Cincy Science: First, there's a Cigar Galaxy. Second, it's hosting a supernova that we can't see

CINCINNATI - Ever ask, "What is that?" Or, "Why is that?" In our new Wednesday feature, WCPO Digital contributor Anne Saker talks with people who can answer those questions: The folks who do science in Cincinnati and the Tri-State.

In January, astronomers trained their optics at a stunning vision, the detonation of a supernova. In the Cigar Galaxy 12 million light years away, a star burped on the last of its fuel and blew up. The supernova can’t be seen with the naked eye or even with the two venerable telescopes at The Cincinnati Observatory.

Still, a supernova is kind of a big deal on the universal scale, so for suitable acknowledgement I turned to Dean Regas, the observatory’s outreach astronomer who runs the public education sessions and does the five-minute PBS astronomy nugget “Star Gazers.” We talks about the celestial as seen from Mount Lookout. 

9 questions for Dean Regas

1. What was this supernova in the Cigar Galaxy, and what makes it interesting?

I’ll preface this with: Personally, it’s not the most exciting thing I’ve seen in a long time. But people love it. What’s really happening is that this giant star exploded in this very distant galaxy. And we’re able to detect this. And when a supernova happens, it takes this galaxy, with 200 billion stars in it, and doubles its brightness. So one star is the equivalent brightness of the entire galaxy for that one moment. So, when you look at this galaxy in a telescope, you see this galaxy, this smudgy, cigar-shaped looking thing, and you see this one dot, that’s brighter, that’s inside of it. And that’s the supernova.

2. If it were in our neighborhood – if the supernova were the sun – how big is big?

If it were the sun, we’d be gone, toast, instantly pretty much. Our sun isn’t big enough to do what that star did, anyway. But if it was a closer star, within our galaxy, then it would be a big significant event. If it were one of the big stars we see at night – like Betelgeuse or Antares , or something like that – then it would be incredibly bright. It would be visible during the daytime. And so, the last time we had one of those was 1604. It was visible during the daytime, so picture this -- when you go outside, there’d be the sun, and then there’s another sun, a pinpoint of light that’s intensely bright, up in the sky.

3. What do supernovas tell us about the universe?

They tell us a lot about the star itself. We can find out a lot about its mass, the original mass of the star. We can tell some of the elements from our investigations of supernovas, we can tell that elements on earth came from that. That’s the only place that they could have come from. So we look at the carbon around here, and the heavy elements.

I always say to people in the audience (during presentations): All right, look at your jewelry you’re wearing, if you have fillings in your teeth, if you wear glasses, and then, if you can look into your blood, and see the iron in the blood, there’s only one place all that stuff could come from, and that’s a supernova. So you are part supernova inside of you.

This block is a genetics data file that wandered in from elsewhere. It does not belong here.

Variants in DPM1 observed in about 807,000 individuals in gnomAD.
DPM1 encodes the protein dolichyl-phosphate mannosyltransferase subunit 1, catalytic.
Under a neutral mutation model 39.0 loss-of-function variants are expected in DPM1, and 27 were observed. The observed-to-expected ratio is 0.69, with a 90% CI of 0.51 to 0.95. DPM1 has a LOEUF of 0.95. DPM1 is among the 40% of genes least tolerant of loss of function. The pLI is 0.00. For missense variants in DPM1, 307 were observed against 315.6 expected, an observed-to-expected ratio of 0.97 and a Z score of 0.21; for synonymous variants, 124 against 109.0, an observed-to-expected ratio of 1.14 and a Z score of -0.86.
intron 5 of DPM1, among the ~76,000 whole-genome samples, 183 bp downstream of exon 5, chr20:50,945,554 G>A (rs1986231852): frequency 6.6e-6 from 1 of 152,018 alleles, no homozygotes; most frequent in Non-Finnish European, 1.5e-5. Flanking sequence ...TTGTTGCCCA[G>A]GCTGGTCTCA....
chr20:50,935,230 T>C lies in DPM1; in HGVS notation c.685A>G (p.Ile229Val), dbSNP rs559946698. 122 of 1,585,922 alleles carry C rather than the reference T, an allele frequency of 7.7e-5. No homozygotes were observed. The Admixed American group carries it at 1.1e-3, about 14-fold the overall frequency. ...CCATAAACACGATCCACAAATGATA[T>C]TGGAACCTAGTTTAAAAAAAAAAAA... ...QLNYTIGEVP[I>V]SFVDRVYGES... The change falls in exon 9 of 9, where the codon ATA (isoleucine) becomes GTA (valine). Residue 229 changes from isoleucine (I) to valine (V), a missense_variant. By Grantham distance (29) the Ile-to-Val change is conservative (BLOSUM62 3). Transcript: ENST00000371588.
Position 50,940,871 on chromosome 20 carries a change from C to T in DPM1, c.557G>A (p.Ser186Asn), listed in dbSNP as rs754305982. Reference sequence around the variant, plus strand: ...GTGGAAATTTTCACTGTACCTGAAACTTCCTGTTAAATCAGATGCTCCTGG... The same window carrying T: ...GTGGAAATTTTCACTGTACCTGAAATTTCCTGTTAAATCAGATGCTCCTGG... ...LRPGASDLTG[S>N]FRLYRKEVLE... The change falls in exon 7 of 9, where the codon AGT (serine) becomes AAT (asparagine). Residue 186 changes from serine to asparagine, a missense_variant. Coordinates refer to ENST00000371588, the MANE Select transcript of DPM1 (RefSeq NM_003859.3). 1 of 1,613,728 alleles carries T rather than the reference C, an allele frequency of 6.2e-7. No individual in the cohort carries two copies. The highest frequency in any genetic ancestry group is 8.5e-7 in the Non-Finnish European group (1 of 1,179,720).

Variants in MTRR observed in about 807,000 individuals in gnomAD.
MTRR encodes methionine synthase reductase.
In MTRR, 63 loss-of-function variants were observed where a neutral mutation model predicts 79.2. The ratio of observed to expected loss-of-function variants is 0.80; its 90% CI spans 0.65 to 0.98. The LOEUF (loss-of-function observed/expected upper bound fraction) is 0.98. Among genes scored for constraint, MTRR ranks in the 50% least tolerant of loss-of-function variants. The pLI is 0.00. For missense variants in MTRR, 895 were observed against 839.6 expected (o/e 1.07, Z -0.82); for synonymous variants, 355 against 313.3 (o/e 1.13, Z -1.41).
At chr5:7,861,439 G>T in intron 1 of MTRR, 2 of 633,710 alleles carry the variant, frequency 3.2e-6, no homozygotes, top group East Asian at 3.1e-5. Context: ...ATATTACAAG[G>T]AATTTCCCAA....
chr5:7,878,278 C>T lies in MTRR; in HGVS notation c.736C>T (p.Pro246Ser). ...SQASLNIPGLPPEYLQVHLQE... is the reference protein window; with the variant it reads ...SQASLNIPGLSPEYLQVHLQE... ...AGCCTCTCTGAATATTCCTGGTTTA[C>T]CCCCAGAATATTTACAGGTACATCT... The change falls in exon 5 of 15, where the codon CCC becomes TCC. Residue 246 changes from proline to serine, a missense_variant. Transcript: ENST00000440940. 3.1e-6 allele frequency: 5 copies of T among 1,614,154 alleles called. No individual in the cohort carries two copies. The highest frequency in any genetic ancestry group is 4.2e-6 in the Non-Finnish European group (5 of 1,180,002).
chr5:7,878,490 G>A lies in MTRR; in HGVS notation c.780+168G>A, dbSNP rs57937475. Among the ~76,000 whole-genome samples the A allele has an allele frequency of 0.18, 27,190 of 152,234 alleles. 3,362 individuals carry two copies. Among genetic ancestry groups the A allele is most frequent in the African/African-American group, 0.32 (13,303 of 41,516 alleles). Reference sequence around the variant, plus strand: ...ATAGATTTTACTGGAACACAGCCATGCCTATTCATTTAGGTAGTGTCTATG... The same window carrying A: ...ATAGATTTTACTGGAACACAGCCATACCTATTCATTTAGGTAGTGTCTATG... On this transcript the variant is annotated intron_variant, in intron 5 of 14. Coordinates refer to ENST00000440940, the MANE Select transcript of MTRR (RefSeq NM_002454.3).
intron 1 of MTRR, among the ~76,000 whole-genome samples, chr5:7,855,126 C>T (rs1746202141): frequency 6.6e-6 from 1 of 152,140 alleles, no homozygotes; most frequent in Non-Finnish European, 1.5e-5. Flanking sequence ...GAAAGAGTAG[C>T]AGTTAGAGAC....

4. Does that statement generally blow minds, when you say that?

I think so. Some people have heard that before, but they don’t really understand it. It’s one of those ah-ha moments, oh yeah, that’s pretty cool. It also makes them feel good, too; oh, I’m a superstar! And it’s kinda true.

5. Do you have your own telescope? Besides this one at the observatory?

I do, an eight-inch reflector. Nothing very exciting.

6. Are there any likely candidates for supernova that are close to us in the Milky Way galaxy?

Betelgeuse is definitely the key one that we’re going to be looking at. It could go any day. It’s still pretty far away, so it won’t hurt life on Earth, but if it goes really bright, it’ll be a 1604 type of thing. Could have already happened, and the light’s still coming toward us.

7. That’s one of the things that’s hard to grasp, the question of huge time and distance. This Cigar Galaxy supernova occurred...?

....(M)illions and millions of years ago. And we’re just seeing it now.

8. Have you pointed these telescopes (at the observatory) to take a look at it?

The light pollution’s too bad here. We can’t find it. That’s why I’m not excited. People call and say, “Hey, we want to see it!” and I have to tell them, well, you can’t see it.

We’ve thought about having an event for it. But if we can see it, on the best of days, and if it’s clear, and if the conditions are just right, it still just looks like a smudgy thing with a dot in it. That’s not exciting to the average person that sees it. That’s why we stick to the big and bright things, the planets and the moon.

9. Does a supernova make a noise?

No, not in space. There’s no atmosphere for it to make a noise. If something would interact with an atmosphere, then it would. I suppose if a supernova hit us, there would be a big noise, but if you’re just watching from space, no, there

would not be a noise.

Do you have an idea or question for Cincy Science? Drop us a line: Email holly.edgell@wcpo.com

Connect with WCPO Contributor Anne Saker on Twitter: @apsaker

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